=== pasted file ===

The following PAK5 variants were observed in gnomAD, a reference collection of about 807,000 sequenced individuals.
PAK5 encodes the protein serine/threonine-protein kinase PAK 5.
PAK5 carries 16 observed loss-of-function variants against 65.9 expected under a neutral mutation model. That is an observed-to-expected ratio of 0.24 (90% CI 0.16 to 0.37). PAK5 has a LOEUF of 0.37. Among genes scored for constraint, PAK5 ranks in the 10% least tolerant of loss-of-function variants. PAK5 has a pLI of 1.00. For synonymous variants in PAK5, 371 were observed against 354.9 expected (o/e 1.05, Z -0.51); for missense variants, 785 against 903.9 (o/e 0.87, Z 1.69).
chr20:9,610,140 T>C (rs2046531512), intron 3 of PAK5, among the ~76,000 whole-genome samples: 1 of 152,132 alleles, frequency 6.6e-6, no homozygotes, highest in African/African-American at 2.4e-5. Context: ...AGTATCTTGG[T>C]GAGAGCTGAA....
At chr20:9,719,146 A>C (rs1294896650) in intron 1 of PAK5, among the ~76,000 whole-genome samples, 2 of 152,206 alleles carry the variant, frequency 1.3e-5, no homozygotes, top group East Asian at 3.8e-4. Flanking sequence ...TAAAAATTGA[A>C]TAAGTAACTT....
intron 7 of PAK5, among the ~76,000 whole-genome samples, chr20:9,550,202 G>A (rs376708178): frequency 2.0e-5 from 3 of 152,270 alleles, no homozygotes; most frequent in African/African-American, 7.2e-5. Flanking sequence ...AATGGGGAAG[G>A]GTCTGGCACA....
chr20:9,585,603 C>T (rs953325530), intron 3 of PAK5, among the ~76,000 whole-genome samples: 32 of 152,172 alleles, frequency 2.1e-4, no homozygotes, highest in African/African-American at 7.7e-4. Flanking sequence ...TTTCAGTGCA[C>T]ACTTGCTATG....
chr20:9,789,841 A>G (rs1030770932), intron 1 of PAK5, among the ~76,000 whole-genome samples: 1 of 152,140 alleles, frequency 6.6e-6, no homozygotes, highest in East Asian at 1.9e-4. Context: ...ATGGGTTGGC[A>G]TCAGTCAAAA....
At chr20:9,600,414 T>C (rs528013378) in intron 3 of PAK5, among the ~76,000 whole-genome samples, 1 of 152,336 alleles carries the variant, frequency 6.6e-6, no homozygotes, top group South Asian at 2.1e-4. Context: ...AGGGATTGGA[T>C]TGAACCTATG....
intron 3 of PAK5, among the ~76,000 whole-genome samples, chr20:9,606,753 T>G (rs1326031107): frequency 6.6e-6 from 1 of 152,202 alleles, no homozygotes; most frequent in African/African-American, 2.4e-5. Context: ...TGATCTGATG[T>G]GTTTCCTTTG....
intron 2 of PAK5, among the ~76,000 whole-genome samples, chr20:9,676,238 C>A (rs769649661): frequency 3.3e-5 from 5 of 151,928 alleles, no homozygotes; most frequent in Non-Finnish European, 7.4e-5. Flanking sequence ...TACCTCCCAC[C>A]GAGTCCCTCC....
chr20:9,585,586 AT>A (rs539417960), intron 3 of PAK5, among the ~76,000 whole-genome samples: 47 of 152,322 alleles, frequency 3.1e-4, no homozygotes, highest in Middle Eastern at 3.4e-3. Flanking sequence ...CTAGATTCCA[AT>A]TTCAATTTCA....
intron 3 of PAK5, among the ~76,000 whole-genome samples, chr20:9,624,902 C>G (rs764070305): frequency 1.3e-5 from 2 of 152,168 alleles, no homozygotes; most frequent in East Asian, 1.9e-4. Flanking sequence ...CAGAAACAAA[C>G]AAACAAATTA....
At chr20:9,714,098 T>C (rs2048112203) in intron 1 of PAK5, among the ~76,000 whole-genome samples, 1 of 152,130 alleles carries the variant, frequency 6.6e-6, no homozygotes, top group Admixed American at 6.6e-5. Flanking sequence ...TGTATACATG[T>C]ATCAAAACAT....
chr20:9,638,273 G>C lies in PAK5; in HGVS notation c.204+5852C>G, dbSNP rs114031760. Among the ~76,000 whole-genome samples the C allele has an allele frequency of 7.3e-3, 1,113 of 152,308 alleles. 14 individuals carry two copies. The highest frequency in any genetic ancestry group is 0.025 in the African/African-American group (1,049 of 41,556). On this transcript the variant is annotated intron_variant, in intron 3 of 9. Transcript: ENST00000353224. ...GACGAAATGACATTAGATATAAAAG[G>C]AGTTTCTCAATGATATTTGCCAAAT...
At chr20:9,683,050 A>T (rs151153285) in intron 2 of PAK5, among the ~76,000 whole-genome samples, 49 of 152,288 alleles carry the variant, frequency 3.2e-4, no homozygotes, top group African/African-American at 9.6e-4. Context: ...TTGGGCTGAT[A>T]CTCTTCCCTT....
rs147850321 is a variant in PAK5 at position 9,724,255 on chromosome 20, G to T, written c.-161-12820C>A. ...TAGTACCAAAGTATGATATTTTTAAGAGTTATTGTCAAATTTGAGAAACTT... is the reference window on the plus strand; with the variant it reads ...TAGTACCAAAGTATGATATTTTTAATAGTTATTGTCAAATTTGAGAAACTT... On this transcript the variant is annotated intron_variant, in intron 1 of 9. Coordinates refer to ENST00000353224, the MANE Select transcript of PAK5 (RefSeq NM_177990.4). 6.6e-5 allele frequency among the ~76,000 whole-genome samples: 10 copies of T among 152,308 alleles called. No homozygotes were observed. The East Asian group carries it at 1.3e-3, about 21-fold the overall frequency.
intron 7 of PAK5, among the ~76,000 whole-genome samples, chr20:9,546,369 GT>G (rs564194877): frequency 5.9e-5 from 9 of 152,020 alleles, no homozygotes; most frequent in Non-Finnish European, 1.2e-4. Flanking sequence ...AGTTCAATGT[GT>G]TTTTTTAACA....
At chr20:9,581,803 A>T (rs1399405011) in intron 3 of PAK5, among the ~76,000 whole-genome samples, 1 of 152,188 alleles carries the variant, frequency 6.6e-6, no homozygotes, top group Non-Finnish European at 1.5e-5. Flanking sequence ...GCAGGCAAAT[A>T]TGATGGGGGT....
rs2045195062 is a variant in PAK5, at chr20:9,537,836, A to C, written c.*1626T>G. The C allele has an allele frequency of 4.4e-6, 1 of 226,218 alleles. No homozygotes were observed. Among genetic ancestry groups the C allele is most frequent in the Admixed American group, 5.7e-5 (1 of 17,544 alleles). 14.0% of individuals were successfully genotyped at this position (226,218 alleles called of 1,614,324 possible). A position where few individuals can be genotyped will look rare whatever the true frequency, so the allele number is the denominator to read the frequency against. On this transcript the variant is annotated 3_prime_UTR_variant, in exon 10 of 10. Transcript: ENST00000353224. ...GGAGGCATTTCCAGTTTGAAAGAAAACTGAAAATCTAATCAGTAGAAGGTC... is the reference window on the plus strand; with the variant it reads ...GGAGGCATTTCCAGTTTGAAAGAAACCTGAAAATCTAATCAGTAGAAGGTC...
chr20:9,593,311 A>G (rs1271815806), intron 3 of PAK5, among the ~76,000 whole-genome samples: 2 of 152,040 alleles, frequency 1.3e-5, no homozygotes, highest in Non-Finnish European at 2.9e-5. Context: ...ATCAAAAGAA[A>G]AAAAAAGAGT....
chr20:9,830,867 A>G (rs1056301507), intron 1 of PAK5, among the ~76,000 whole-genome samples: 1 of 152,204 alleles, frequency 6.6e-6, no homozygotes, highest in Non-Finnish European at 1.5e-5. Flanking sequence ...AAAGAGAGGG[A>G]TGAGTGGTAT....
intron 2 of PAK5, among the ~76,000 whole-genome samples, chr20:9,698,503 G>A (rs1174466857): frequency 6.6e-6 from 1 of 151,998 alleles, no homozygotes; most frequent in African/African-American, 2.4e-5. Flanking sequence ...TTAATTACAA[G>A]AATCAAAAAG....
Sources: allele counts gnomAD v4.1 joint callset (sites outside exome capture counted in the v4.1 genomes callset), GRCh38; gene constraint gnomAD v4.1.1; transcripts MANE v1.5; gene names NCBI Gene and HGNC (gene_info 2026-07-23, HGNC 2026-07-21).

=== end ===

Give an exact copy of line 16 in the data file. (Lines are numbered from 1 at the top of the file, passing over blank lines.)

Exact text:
At chr20:9,683,050 A>T (rs151153285) in intron 2 of PAK5, among the ~76,000 whole-genome samples, 49 of 152,288 alleles carry the variant, frequency 3.2e-4, no homozygotes, top group African/African-American at 9.6e-4. Context: ...TTGGGCTGAT[A>T]CTCTTCCCTT....